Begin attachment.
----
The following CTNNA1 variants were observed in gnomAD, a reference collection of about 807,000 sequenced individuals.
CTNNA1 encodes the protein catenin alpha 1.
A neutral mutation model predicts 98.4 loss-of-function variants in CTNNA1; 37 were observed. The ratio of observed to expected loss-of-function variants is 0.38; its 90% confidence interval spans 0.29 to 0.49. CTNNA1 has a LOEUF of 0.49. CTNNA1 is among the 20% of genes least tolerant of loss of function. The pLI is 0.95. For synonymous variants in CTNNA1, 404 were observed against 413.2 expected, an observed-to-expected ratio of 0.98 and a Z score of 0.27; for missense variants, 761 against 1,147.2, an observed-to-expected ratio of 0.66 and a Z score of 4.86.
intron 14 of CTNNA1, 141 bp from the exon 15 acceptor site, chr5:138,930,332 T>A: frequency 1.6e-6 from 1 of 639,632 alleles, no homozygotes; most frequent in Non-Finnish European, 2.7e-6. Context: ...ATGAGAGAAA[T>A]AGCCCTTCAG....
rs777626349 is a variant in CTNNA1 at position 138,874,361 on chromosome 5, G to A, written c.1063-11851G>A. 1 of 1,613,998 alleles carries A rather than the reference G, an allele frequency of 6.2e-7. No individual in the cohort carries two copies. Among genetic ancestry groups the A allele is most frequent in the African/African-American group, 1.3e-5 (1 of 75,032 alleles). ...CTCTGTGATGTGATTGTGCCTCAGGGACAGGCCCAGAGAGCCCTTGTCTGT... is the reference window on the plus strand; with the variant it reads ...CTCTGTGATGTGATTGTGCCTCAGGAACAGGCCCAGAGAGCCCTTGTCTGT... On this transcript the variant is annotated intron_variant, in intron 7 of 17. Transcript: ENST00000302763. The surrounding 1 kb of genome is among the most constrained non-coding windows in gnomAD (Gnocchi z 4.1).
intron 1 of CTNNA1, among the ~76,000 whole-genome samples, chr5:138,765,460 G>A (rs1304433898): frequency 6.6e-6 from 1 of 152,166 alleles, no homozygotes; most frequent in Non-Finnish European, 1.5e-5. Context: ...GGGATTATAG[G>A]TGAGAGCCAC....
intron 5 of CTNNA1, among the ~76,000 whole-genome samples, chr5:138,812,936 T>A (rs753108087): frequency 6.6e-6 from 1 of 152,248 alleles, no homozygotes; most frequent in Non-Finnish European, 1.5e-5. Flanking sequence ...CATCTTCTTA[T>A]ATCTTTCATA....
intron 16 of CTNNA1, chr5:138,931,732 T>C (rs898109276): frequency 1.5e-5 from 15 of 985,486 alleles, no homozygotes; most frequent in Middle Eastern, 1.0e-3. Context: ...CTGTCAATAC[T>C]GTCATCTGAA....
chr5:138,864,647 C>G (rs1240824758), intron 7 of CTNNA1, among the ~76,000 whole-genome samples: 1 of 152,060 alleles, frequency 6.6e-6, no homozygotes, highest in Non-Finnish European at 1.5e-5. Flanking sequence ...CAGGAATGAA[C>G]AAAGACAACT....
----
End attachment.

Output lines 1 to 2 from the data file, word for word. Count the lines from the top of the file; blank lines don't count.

The following CTNNA1 variants were observed in gnomAD, a reference collection of about 807,000 sequenced individuals.
CTNNA1 encodes the protein catenin alpha 1.